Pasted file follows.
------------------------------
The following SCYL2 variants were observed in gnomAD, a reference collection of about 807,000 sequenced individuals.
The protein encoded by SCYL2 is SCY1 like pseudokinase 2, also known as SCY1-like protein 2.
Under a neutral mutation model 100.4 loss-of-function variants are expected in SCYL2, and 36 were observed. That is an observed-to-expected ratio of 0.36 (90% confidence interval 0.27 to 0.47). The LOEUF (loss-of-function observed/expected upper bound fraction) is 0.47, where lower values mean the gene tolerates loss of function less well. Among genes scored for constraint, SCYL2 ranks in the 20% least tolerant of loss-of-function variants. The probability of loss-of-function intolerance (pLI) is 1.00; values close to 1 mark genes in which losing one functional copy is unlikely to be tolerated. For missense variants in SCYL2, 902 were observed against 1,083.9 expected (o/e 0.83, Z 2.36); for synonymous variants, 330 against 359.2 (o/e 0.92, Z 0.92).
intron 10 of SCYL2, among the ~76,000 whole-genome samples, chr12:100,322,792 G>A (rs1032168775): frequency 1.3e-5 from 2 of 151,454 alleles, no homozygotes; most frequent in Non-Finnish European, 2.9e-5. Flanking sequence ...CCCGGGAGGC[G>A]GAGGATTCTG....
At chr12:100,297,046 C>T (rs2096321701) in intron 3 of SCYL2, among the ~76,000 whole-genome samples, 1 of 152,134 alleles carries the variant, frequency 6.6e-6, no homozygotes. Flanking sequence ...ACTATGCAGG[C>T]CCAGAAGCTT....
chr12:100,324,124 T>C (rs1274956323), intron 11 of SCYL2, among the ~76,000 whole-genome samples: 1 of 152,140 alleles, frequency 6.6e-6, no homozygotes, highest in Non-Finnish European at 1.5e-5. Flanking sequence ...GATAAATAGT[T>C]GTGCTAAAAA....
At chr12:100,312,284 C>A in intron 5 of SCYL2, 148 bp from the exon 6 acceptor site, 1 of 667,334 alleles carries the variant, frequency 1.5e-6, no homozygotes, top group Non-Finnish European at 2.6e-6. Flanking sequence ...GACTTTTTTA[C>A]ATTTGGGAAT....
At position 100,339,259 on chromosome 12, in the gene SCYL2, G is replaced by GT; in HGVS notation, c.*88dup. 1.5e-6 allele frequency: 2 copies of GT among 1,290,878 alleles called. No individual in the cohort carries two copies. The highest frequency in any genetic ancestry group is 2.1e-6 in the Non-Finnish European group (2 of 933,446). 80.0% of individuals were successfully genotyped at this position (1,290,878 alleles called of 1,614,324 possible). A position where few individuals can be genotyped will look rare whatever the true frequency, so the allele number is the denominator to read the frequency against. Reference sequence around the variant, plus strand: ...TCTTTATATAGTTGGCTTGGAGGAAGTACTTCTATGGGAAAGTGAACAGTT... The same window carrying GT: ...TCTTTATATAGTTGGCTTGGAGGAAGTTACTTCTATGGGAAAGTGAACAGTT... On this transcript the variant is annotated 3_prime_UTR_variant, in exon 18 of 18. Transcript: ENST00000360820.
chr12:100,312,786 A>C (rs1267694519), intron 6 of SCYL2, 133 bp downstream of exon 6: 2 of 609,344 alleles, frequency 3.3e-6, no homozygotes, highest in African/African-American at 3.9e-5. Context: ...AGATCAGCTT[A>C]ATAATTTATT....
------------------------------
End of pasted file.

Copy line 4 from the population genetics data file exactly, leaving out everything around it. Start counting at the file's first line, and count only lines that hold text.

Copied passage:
intron 10 of SCYL2, among the ~76,000 whole-genome samples, chr12:100,322,792 G>A (rs1032168775): frequency 1.3e-5 from 2 of 151,454 alleles, no homozygotes; most frequent in Non-Finnish European, 2.9e-5. Flanking sequence ...CCCGGGAGGC[G>A]GAGGATTCTG....